This is Part 2 in the series about emailing a spamtrap email address. In this part, we discuss what to do now that you’ve made this big mistake. Read part 1
|And so does Google, if you email to a spam trap|
So, you’ve emailed a spamtrap email address to Gmail? There are some things you need to do to get out of this mess and to avoid having your job flushed down a toilet by your boss. Follow these steps closely:
Step 1: Stand straight up, point your finger at Loraine in the cube next to you and shout, “it’s her fault, boss. She’s the one that emailed the spam trap, not me. She must have hacked my password into our email marketing system and sent that email!”
Step 2: Duck as Loraine throws her dead ficus tree at you, ceramic pot and all (the potted hulk of the dead ficus hurls past you and explodes on the wall of your cube, narrowly missing that velvet Elvis tapestry you have hanging there. But, at least you’re not hit).
Step 3: Call Google and beg forgiveness. Well, that could work. If they cared. And if they had a phone number. And if they cared.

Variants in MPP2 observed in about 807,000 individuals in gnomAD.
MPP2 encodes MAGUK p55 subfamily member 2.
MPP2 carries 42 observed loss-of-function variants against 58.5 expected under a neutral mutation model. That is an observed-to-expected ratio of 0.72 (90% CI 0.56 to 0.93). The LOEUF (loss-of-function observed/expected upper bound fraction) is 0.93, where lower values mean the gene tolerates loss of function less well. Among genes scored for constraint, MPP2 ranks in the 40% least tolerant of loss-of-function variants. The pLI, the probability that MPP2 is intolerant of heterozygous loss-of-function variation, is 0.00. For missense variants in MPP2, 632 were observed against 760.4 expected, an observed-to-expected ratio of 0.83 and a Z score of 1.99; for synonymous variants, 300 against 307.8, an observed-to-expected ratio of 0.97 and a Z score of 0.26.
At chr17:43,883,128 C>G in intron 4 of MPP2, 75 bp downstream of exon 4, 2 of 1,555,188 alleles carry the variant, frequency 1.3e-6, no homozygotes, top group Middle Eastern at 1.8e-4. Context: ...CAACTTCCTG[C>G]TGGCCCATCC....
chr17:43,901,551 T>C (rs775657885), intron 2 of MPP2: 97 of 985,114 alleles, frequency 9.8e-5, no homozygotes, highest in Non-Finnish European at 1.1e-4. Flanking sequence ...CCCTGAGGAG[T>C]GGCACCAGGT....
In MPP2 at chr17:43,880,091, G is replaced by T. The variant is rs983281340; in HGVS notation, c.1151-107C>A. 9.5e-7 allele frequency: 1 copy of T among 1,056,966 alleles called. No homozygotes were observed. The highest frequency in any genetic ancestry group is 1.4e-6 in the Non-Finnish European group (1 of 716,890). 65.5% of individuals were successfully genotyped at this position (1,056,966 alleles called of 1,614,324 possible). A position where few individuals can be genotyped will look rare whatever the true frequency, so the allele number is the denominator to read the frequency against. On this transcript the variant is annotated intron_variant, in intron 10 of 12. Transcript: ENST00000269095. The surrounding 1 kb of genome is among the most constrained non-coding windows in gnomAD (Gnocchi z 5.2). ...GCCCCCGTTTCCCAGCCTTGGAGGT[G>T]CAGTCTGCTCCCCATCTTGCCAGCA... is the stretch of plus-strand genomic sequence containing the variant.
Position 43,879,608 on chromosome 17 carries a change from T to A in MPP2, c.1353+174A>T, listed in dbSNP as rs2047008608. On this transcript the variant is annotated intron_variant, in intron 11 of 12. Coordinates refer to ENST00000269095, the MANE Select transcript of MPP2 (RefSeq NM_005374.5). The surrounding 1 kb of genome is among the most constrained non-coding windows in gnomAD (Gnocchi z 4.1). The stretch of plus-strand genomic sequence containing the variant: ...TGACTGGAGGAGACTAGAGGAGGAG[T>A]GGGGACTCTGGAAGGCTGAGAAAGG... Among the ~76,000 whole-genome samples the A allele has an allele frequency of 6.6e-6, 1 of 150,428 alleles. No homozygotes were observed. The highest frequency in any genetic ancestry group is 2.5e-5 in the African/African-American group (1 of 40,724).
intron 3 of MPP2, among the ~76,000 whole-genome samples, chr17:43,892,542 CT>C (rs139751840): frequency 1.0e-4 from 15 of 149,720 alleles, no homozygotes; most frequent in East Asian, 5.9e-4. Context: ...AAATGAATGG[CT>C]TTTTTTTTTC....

Step 4: Admit to yourself you’ve emailed a spamtrap and read the rest of this article.
How do I know I’ve emailed a spam trap?
I use Gmail as an example here because they are one of the big cahunas of the email world and they also don’t always answer their phone and jump at the chance to gladly unblock your emails just because you asked nicely and sent them flowers.
First of all, you have to know you’ve hit a spamtrap to begin with. So, I’ll assume the reason you know you’ve hit a spam trap is either:
- You use a reputation monitoring platform like Return Path or IBM Email Optimization (formerly Pivotal Veracity) and the report of your inbox placement says something really educated like “Um, there is no email reaching inboxes because you emailed a spamtrap, you nimbleweed.”
- You routinely monitor SenderScore.org for your IP address’ reputation and instead of looking like the below screenshot which shows a sender score of 97, it sports a score more like 63 (owee), or 24 (big owee).